Walking / Hiking, Death Valley National Park
This is another trail not marked on any park service map. However is fairly easy to spot. There is a wood barrier stating Wilderness Restoration blocking a road. The trail actual starts on the road. Follow for one mile to a fence. There will be a hill of black rocks on the left at this point. Here you will turn slightly left into the Greenwater Canyon. At this fence, to the left are petroglyphs. Continue down the canyon for about another mile until it opens up and you walk out from the surround black rocks.
The highlight of this hike is the petroglyphs. They are at that fence line at the top of the black rocks. There is no trail so you have to scramble up and search for them. I found them fairly easily. Return the way you came.
Be sure to bring plenty of water and wear a hat to protect yourself from the sun.
This hike was amazing to me. I have it as off the beaten path because it is not listed on any park service map. If you have the Death Valley National Geographic Map, the is a trail noted at the base of Pinon Mesa (which is not really a mesa so don't look for it) that leads to Hummingbird Spring. Since there was a noted trail and it was in a remote area near Wildrose where I was camping, I thought I would check it out.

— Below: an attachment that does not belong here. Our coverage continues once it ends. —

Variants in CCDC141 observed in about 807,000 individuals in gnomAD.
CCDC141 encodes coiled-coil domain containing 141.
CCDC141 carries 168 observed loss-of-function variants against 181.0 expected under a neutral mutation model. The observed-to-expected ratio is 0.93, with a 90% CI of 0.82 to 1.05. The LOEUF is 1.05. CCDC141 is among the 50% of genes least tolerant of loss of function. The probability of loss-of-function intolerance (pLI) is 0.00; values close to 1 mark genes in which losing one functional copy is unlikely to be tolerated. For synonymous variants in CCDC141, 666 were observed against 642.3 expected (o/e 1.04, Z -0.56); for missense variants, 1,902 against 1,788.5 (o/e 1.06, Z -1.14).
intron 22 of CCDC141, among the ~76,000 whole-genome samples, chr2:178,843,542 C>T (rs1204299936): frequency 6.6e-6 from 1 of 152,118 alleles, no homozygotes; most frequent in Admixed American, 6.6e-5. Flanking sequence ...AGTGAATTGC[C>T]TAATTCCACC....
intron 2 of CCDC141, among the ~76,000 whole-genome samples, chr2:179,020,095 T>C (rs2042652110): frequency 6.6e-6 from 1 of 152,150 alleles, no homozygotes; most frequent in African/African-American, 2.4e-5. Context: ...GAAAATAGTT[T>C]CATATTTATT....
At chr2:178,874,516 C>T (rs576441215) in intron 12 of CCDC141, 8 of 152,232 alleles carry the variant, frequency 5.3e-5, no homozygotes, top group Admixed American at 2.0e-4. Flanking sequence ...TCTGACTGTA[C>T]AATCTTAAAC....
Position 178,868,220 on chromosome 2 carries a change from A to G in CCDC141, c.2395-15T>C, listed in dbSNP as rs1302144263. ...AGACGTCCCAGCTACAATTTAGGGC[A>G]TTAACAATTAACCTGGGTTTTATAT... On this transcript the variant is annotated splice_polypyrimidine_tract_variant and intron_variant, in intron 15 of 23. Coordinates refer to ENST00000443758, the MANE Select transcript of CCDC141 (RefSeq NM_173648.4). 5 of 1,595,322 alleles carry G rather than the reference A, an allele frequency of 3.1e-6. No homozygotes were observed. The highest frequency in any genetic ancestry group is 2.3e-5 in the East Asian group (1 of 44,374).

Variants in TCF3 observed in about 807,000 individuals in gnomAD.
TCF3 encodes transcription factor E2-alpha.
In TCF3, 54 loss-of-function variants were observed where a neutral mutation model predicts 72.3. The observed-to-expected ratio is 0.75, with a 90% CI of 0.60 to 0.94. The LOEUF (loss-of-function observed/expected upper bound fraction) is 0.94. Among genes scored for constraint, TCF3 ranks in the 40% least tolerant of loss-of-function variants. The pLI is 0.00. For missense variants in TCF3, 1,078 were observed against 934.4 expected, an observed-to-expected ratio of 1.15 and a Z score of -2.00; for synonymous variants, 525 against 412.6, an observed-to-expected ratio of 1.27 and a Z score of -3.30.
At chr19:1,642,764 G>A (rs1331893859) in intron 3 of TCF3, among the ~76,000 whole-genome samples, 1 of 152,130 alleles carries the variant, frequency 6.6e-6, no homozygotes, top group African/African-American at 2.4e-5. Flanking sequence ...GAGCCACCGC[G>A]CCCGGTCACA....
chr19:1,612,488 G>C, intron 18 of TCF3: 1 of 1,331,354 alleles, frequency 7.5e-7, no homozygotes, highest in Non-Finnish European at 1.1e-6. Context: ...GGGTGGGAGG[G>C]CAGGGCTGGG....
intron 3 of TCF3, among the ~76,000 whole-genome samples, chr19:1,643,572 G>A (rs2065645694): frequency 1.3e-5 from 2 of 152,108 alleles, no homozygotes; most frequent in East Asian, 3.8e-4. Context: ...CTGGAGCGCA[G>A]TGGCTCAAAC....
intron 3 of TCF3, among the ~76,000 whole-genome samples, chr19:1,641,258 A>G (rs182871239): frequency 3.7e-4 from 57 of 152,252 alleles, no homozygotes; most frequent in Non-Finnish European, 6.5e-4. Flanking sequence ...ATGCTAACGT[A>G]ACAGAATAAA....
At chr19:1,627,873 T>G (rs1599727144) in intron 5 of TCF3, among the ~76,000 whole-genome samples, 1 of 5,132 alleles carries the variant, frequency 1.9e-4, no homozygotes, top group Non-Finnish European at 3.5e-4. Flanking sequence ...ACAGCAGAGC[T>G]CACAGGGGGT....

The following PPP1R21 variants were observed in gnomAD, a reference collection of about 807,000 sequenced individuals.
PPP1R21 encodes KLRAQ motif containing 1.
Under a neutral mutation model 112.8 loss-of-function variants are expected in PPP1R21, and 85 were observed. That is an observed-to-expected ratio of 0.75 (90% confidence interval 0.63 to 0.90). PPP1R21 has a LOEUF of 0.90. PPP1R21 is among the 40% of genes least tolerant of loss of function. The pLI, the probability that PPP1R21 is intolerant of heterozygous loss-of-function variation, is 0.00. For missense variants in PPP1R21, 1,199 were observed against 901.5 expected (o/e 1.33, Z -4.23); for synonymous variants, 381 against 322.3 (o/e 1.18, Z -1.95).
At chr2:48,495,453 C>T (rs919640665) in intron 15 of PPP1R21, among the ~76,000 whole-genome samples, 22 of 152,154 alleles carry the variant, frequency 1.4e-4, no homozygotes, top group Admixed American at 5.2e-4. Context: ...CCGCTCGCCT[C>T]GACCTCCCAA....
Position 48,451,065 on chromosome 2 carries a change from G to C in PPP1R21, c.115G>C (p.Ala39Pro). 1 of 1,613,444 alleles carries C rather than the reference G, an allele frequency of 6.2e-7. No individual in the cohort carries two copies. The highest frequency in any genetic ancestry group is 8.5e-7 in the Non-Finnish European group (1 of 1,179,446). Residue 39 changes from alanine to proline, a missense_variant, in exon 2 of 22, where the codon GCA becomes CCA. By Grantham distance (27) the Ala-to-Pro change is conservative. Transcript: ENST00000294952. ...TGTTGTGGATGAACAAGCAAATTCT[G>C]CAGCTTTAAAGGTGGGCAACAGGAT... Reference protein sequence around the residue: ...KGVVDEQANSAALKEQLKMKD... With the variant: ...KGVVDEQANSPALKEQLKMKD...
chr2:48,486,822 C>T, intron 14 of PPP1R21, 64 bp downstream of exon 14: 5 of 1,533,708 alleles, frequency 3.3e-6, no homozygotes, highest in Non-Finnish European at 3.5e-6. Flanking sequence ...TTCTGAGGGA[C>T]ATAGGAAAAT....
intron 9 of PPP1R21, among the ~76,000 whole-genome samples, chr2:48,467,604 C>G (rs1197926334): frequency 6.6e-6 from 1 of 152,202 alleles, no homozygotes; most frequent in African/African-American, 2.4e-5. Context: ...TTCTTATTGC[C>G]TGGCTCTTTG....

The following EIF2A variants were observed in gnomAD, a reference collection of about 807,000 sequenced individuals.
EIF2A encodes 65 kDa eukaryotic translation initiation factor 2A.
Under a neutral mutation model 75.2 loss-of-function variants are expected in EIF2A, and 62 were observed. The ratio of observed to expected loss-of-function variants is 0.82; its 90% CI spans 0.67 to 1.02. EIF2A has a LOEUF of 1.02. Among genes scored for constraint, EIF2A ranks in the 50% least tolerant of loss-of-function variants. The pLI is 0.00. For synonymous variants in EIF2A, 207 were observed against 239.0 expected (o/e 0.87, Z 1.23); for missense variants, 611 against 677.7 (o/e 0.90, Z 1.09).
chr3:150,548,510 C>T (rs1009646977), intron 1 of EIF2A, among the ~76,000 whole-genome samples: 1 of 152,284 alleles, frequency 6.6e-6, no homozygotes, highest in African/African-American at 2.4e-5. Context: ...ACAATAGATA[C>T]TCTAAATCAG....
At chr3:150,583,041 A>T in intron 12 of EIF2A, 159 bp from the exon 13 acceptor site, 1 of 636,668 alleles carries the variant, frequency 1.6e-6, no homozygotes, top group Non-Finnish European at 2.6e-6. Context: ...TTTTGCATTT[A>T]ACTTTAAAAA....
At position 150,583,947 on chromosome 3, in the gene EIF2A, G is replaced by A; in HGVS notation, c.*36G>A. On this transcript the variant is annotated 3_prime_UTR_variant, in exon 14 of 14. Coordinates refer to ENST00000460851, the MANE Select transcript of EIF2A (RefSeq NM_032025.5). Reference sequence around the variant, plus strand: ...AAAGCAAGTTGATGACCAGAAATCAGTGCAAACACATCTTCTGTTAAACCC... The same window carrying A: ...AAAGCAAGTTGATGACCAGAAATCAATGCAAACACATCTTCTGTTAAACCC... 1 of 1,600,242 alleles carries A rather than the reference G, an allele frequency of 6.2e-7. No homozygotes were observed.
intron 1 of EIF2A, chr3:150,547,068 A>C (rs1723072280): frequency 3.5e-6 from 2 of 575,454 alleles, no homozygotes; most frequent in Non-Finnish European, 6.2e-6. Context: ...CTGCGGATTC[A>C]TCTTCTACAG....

The access road is not that easy to find but with that Nat Geo map its the first right driving from Wildrose to Mahogany Flats. You will need a high clearance vehicle to get to the trail head or you can park at the paved road and walk in. The dirt road is fairly straight and when it makes a sharp left turn you will see a green marker post designating the way to the spring. Park here and start walking up the trail. I should mention I started my hike at 6:30am. The air was crisp and still. The smell of Pinon Pine filled the air. I was so relaxed and loving every step.
At first the trail is very obvious. It follows a pretty straight line. It will eventually enter a dry wash. Try to stay in the wash. This is the best way to actually find the spring. At about .6 miles I came upon the first evidence of human presence. A source of water in Death Valley is very important and Hummingbird served people and mines through the Wildrose Valley. Many old rusted cans are strewn about. There is also a large pile of Gypsum which was mined in the area. Not too much further up there is length of pipes, no longer in tact, that would feed the valley below. At this point the canyon head wall and surrounding peaks close in. I started hearing an Osprey squawking in from the near cliffs. Then I saw it take off and circle above my head. It was fortunate to see and an experience I will not soon forget.
I could see the trail heading up a hill on the left. It was so early the trail was faint due to shadows as the sun had not cleared the cliffs. At the top are the remnants of a ring fire and obvious high camp for settlers that worked on getting the water down to the valley. At this point I did not find the spring but it was clear I was at the terminus. I enjoyed and admired the view for some time as I watched the sun rise behind me and light up the valley below.
As I started heading back down the steep grade to the wash, I found the Hummingbird Spring. It was flowing well enough but dry desert absorbed the water before it could make it to far.
The hike out was quick. Round trip the hike is about 1.9 miles. My GPS but the altitude gain at 848 feet. I highly recommend this trail. Early morning was great!